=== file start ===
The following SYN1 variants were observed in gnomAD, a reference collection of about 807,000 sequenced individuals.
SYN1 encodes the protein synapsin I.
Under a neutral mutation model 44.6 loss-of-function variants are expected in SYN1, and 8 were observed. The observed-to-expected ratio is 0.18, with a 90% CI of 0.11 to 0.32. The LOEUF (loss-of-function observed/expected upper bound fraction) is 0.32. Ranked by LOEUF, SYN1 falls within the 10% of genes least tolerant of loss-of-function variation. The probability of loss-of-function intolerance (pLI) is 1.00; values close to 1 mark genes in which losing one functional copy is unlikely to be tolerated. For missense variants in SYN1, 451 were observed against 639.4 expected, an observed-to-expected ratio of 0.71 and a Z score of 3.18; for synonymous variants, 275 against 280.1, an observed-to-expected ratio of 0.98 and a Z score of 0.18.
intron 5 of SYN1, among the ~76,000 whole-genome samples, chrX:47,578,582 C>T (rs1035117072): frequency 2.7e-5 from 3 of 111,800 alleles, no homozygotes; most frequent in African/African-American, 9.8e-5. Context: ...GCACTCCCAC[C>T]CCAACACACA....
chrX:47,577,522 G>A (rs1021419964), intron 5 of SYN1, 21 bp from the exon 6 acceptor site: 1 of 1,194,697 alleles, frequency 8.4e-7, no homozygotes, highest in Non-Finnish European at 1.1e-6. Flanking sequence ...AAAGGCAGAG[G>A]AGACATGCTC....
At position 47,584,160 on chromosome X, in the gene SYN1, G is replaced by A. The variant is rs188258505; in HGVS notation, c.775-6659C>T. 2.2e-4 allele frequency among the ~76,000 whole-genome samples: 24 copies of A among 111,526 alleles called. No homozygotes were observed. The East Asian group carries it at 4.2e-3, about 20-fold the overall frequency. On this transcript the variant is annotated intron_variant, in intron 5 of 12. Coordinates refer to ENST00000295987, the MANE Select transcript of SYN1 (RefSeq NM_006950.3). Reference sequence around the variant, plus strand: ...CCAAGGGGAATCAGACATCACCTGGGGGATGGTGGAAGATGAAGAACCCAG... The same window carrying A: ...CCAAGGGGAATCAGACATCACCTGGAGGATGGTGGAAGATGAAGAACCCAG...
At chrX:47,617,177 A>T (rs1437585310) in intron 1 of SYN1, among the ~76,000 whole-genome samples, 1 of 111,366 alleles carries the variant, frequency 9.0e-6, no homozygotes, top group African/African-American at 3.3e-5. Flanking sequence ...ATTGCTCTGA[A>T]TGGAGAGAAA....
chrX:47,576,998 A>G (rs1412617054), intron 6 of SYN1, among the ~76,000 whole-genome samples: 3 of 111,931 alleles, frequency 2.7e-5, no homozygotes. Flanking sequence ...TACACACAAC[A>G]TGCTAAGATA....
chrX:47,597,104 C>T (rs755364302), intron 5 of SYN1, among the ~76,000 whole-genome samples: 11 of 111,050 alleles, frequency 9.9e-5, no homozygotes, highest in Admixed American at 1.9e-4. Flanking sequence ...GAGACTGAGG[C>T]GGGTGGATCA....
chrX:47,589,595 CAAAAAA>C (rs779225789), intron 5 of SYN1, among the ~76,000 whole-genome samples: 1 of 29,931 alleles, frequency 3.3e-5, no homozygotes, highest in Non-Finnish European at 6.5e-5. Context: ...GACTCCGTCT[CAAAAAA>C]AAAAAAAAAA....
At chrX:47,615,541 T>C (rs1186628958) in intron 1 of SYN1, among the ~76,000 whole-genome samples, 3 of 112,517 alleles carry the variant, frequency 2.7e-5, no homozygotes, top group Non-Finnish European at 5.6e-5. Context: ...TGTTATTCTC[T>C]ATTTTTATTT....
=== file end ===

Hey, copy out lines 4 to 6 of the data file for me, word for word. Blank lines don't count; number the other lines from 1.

intron 5 of SYN1, among the ~76,000 whole-genome samples, chrX:47,578,582 C>T (rs1035117072): frequency 2.7e-5 from 3 of 111,800 alleles, no homozygotes; most frequent in African/African-American, 9.8e-5. Context: ...GCACTCCCAC[C>T]CCAACACACA....
chrX:47,577,522 G>A (rs1021419964), intron 5 of SYN1, 21 bp from the exon 6 acceptor site: 1 of 1,194,697 alleles, frequency 8.4e-7, no homozygotes, highest in Non-Finnish European at 1.1e-6. Flanking sequence ...AAAGGCAGAG[G>A]AGACATGCTC....
At position 47,584,160 on chromosome X, in the gene SYN1, G is replaced by A. The variant is rs188258505; in HGVS notation, c.775-6659C>T. 2.2e-4 allele frequency among the ~76,000 whole-genome samples: 24 copies of A among 111,526 alleles called. No homozygotes were observed. The East Asian group carries it at 4.2e-3, about 20-fold the overall frequency. On this transcript the variant is annotated intron_variant, in intron 5 of 12. Coordinates refer to ENST00000295987, the MANE Select transcript of SYN1 (RefSeq NM_006950.3). Reference sequence around the variant, plus strand: ...CCAAGGGGAATCAGACATCACCTGGGGGATGGTGGAAGATGAAGAACCCAG... The same window carrying A: ...CCAAGGGGAATCAGACATCACCTGGAGGATGGTGGAAGATGAAGAACCCAG...